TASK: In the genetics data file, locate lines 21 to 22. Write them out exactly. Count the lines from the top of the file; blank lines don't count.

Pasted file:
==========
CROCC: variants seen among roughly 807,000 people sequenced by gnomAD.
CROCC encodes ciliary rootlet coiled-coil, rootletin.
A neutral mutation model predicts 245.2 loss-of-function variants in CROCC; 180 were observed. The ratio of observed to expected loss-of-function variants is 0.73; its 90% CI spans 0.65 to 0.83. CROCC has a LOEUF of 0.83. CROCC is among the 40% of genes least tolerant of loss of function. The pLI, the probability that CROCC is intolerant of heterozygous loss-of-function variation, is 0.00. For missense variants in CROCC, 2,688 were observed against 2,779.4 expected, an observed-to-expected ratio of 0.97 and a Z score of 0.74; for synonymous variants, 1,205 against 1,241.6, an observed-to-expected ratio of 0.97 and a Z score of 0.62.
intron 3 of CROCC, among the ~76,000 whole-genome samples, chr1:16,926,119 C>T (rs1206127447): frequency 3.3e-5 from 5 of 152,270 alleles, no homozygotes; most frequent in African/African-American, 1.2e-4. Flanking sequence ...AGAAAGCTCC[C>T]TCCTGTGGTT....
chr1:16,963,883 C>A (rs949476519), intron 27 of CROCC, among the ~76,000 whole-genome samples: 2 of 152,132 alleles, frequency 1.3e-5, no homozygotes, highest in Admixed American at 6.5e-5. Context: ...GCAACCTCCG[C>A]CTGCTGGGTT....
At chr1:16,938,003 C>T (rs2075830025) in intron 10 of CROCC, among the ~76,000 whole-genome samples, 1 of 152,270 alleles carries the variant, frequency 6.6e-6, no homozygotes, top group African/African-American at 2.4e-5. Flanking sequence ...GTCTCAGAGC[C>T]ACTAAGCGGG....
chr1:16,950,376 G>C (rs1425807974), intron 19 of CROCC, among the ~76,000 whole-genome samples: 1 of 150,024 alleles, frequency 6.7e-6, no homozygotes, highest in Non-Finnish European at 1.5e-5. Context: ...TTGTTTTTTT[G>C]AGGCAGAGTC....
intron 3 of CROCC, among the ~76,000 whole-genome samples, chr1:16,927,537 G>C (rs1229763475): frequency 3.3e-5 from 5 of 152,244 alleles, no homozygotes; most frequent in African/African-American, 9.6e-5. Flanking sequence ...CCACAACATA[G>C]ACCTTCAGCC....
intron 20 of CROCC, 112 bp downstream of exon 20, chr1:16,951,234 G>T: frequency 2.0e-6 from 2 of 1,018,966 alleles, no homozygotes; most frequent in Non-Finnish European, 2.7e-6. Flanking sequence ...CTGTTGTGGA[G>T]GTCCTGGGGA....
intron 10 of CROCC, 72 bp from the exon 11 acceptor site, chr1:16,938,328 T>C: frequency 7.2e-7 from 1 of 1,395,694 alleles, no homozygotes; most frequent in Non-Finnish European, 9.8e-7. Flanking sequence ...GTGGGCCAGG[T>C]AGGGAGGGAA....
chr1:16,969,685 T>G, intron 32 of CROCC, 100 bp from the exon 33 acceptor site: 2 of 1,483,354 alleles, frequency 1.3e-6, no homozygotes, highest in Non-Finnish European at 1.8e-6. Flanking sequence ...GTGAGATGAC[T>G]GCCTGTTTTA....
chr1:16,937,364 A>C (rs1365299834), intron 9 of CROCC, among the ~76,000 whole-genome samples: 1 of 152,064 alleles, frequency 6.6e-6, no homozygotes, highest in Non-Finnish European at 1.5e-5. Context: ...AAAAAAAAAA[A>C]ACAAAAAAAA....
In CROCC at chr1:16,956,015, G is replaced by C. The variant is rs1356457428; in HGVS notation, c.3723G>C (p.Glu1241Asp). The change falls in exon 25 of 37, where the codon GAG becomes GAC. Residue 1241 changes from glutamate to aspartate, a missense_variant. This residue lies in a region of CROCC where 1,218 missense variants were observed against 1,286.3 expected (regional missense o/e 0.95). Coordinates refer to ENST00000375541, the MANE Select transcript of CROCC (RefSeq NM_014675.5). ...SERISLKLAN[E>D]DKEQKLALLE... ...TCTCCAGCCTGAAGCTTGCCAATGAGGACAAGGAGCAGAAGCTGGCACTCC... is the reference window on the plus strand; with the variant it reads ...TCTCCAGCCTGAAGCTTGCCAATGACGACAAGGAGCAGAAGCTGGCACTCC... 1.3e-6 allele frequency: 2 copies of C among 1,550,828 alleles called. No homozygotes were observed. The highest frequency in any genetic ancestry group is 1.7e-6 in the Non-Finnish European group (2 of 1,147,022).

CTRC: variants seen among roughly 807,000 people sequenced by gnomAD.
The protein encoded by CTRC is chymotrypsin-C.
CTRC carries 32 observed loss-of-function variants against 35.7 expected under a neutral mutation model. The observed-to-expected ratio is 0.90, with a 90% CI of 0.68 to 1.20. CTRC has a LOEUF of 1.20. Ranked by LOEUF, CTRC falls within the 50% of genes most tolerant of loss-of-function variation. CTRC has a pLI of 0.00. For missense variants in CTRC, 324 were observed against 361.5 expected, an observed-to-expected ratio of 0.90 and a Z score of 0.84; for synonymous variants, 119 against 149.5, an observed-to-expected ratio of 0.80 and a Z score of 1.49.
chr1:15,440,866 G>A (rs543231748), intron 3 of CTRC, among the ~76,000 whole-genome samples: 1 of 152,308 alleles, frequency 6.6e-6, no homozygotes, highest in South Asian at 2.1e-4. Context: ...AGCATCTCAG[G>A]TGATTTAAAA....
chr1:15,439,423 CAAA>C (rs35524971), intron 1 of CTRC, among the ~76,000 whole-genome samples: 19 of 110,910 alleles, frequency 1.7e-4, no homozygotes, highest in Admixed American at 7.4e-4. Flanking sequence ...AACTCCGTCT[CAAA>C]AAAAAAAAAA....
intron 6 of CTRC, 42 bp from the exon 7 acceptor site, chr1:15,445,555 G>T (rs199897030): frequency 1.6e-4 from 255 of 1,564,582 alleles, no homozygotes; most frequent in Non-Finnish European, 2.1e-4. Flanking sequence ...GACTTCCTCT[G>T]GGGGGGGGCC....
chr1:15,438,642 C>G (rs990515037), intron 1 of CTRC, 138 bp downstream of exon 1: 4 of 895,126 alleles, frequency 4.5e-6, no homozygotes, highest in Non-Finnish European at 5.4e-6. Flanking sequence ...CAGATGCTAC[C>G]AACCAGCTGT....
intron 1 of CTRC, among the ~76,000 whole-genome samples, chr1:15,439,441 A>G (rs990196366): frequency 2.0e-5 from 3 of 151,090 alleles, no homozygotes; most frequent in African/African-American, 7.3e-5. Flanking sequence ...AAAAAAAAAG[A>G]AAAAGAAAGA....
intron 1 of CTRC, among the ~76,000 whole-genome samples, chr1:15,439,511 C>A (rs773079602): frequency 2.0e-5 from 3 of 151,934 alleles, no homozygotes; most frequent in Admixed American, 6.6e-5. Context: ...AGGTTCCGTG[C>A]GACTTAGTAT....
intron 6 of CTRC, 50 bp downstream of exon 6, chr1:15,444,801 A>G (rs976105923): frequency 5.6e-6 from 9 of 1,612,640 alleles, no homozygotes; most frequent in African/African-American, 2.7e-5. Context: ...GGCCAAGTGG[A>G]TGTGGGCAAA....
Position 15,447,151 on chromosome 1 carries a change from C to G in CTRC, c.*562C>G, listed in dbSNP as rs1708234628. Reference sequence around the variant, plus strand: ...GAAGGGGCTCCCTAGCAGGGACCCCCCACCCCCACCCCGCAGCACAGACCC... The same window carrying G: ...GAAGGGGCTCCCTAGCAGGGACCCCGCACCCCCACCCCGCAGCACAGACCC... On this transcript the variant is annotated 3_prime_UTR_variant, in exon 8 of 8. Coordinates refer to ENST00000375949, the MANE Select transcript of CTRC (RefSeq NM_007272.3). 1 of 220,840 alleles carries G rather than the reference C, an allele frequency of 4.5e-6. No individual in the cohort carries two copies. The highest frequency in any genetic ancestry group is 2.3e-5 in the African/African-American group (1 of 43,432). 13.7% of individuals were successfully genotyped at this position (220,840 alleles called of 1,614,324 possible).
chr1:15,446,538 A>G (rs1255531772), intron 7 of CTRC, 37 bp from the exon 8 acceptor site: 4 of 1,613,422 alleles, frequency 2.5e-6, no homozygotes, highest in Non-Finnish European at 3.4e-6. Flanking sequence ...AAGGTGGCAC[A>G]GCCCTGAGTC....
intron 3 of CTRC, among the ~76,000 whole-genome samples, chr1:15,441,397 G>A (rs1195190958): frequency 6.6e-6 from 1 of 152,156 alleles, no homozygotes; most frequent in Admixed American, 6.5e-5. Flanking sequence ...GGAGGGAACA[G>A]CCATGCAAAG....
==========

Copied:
intron 1 of CTRC, among the ~76,000 whole-genome samples, chr1:15,439,441 A>G (rs990196366): frequency 2.0e-5 from 3 of 151,090 alleles, no homozygotes; most frequent in African/African-American, 7.3e-5. Flanking sequence ...AAAAAAAAAG[A>G]AAAAGAAAGA....
intron 1 of CTRC, among the ~76,000 whole-genome samples, chr1:15,439,511 C>A (rs773079602): frequency 2.0e-5 from 3 of 151,934 alleles, no homozygotes; most frequent in Admixed American, 6.6e-5. Context: ...AGGTTCCGTG[C>A]GACTTAGTAT....